Waiting on history: Na Yeon Choi looks for a major breakthrough
KOHLER - An apology can be the hardest task a person has to face, reducing green speeds and water hazards to happy distractions. Na Yeon Choi knows this, perhaps better than most.
The Monday following her first LPGA Tour victory at the Samsung World Championship in September, 2009, she readied for a phone call home to South Korea. She was a champion, a year after she won over $1 million and had nine top 10 finishes in her rookie season on the LPGA Tour.
Yet she wasn't in a total celebratory mood as she dialed her father, Byeong Ho Choi, and mother Jeong Me Song. Instead, she was working up an "I'm sorry."
Four months prior to that victory, she had told her parents to go home.
Her father was angry; Choi and her mother sobbed. It was an emotional conversation, but one Choi felt she needed to have – and a demand she needed to make.
"I was kind of scared," Choi told OnMilwaukee.com in an exclusive interview. "I couldn't believe in myself – can I do it, or not? I did it always with my parents, even to decide where I have to go. My father controlled me. But, I thought I needed it, I need more independence, and I have to grow up. No more inside my parent's arms."
She looked down and adjusted the items in front of her on the table, shifting her iPhone back and forth, turning her hot tea cup around on its saucer.
"I realized that I needed more connection with the fans or American people so I told my parents I needed to mature, so please you guys go back to Korea and now I travel with an English tutor and personal trainer," she said. "So they go back to Korea and I started travel with the English tutor and personal trainer."
Liberated, she won. But it wasn't a complete victory.
Her parents picked up.
I'm sorry about that - you guys should be here and after I made the winning putt to get the hug on 18. I feel really sorry about that, but please trust me, I did a good job and I'm never going to stop and keep going and working hard every day.
She has held up her end of the bargain, rising to as high as No. 2 in the world. She speaks nearly flawless English, and is a fan and media favorite.
"They really trust me now," Choi said.
The flip side is her parents have not returned to the United States since, preferring to let her continue on the path she chose to follow without them.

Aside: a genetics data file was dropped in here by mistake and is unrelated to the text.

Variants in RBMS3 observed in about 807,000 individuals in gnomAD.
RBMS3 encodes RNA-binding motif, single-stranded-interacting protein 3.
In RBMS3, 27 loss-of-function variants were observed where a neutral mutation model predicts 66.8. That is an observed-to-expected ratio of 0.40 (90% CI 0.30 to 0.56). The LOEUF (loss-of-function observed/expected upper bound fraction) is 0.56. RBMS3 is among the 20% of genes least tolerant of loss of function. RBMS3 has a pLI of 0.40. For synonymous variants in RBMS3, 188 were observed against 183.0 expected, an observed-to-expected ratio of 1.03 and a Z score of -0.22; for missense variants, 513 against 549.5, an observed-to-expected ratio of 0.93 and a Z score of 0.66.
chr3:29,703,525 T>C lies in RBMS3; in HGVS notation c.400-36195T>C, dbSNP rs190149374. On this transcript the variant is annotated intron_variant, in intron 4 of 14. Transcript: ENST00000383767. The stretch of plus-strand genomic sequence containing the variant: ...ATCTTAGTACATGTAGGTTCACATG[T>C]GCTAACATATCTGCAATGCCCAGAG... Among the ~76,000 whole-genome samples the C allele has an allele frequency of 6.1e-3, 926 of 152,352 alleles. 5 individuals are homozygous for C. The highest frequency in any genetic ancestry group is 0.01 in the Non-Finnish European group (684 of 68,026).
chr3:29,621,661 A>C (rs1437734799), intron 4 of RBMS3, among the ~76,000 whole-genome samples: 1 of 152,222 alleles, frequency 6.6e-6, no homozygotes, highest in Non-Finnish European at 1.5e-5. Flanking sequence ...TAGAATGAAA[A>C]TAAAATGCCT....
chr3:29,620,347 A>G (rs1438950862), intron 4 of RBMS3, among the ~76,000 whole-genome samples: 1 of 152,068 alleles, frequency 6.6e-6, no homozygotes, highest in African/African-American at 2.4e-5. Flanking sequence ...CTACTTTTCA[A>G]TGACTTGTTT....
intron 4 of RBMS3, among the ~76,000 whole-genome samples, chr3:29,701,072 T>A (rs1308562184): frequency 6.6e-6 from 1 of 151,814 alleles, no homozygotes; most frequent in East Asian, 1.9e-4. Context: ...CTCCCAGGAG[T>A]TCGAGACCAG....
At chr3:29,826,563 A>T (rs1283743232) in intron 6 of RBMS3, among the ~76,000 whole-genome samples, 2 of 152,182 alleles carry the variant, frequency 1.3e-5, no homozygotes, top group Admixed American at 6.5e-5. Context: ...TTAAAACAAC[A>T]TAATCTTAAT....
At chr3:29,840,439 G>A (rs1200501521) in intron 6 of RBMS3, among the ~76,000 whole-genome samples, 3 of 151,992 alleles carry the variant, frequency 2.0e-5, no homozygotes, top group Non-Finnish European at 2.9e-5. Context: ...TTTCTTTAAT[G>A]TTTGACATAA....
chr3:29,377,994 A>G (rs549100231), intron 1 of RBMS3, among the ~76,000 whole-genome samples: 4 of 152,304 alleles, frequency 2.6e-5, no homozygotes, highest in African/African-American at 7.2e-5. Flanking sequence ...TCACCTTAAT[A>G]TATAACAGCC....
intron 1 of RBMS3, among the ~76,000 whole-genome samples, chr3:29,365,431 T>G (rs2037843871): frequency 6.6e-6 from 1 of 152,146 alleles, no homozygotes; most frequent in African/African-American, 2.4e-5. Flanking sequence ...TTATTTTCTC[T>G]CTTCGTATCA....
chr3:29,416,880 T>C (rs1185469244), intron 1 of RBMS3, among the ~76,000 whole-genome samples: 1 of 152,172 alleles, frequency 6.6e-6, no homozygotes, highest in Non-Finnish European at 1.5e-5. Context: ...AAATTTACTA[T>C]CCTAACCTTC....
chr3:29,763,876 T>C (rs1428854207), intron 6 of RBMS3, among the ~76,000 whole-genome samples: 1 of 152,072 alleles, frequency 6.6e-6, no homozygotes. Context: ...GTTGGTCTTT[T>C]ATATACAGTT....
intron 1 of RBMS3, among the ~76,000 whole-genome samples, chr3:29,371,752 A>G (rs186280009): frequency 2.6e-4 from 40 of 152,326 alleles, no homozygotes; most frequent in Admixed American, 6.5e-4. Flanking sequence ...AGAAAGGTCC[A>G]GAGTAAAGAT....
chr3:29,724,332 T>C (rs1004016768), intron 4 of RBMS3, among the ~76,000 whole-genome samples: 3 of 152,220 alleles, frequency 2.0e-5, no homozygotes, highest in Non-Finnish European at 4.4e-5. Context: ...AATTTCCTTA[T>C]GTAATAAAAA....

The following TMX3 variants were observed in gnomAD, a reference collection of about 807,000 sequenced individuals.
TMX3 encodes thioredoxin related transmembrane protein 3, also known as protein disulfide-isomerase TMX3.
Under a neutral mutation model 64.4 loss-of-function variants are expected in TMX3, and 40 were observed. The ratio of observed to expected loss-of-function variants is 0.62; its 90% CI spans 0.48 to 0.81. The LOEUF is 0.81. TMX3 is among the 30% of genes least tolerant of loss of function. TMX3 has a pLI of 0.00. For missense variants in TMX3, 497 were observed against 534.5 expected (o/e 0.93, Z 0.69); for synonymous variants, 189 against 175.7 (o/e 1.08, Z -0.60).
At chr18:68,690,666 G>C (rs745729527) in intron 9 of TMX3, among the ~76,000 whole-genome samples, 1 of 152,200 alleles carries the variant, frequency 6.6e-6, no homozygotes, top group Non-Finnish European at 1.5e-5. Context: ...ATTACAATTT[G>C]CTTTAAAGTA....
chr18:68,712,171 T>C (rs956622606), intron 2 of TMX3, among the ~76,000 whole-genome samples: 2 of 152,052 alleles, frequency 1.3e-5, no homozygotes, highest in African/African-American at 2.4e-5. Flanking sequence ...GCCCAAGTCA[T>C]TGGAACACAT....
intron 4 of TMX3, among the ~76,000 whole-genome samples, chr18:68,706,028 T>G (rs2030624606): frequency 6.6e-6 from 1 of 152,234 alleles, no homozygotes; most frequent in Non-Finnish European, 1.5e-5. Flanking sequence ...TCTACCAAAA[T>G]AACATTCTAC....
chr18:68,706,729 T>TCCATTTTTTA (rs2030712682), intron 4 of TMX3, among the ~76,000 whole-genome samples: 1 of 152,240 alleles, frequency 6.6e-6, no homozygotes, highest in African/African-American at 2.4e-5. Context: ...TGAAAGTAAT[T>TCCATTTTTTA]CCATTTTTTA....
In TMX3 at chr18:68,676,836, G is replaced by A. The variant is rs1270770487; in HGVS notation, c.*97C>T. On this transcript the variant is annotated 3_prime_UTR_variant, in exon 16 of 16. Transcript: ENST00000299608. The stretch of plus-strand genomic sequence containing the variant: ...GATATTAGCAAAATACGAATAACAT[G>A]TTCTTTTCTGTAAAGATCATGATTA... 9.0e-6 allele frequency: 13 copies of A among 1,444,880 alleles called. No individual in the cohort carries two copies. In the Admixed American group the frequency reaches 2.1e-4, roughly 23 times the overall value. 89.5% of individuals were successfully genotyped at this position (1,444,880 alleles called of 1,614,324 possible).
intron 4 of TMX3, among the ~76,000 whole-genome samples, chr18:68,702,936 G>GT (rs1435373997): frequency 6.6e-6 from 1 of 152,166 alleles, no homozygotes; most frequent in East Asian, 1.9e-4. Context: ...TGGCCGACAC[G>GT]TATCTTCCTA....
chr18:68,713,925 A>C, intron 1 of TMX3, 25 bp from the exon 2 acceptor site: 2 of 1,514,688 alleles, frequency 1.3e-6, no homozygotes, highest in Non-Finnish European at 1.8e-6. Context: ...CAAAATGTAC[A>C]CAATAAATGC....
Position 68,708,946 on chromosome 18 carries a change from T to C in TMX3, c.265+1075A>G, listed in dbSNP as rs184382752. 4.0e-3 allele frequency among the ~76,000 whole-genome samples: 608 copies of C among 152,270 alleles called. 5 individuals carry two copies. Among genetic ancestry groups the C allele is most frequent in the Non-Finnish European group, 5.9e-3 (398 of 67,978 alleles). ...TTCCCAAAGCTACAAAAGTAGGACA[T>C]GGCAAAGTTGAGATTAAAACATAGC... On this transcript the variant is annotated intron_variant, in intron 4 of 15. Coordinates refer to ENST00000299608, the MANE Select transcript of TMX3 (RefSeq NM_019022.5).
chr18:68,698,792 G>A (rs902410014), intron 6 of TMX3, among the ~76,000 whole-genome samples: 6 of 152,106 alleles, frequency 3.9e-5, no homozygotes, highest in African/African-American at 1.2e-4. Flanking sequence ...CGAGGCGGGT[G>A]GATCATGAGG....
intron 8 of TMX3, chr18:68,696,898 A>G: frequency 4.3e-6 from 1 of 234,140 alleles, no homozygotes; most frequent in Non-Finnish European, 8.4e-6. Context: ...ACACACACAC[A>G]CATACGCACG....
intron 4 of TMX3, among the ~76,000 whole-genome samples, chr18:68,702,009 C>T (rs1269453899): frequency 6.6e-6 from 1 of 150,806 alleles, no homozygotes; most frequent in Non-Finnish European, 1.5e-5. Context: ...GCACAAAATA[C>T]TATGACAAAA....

"I tried to invest more in myself. It's a lot of money," she said. "I have to pay them everything, but I think it will come back to me. That moment I learned a lot of English and after that I feel more comfortable living in the United States. I can share my emotion to people and I can talk with the people. I feel really comfortable."
That comfort has shown over the last three years, as Choi has won four more times and has earned over $1 million in each season. In 2010 she won the money title and Vare Trophy for lowest scoring average.
The success has led to the question most elite golfers hate hearing – when will you win a major championship?
Choi has been dubbed the best South Korean player to have not yet won a major, and along with Ai Miyazato is definitely in the conversation as one of the best players in the world to have not claimed one.
She didn't come to the U.S. Women's Open with the goal of winning however – it's something she cannot control. Instead, she focused on what she could: solid ball striking, proper green reading, and her mental state.
Don't mistake that attitude for complacency – she is a fierce competitor and wants to win majors. She's been close, too, with eight top 10 finishes in 19 starts, including a tie for ninth in the 2009 U.S. Women's Open and a tie for second in 2010.
Standing in way, often, has been good friend Yani Tseng. The pair broke onto the LGPA Tour together in 2008, with Tseng edging her for Rookie of the Year. Tseng has proven to be everyone's foil in women's golf as the world's top ranked player and winner of five majors.
"The bad thing is that we play in the same generation," Choi said with a laugh. "The good thing is we are kind of like good rivals. When she plays well or when I play well, I think we motivate each other. Sometimes I play a practice round with her and we know our games very well. I think it's more of a good thing. We're going in the right direction and working hard. I think we really motivate each other."
Choi has bested her good friend twice, beating Tseng by a shot to win the 2009 Hana Bank-KOLON Championship and the 2011 Sime Darby LPGA Malaysia.
The two have been paired together in the first two rounds this week as well, with Choi opening the tournament with a 1-under 71 - perfect position with the leader two shots ahead. Tseng shot a 2-over 74.
"We've known each other about ten years already and we're always playing golf together in Orlando, so it's fun," Tseng said. "We talk a lot outside the golf course and having lots of fun on the course. She's a great player. She can really hit the ball well and she's a great putter, too. One day she will win."
To many, that day is Sunday at Blackwolf Run. It is pressure she recognizes, but refuses to accept.
"Especially a lot of Korean fans, they expect me to. Right now it's time to win a major tournament," she conceded. "But I don't know - I can't control that. So even if I win a major tournament or not, it doesn't matter – all the wins are the same to me. Also, I'm number (five) in the world, but my goal is to be number one. But, it's pretty far away. I mean, Yani is playing so well and we have a lot of gap, but I'm just playing, or going to my goal. I'm just step by step to my goal."
After all, it's a smaller challenge than the biggest she's overcome. Once she gets there, no apologies will be needed.
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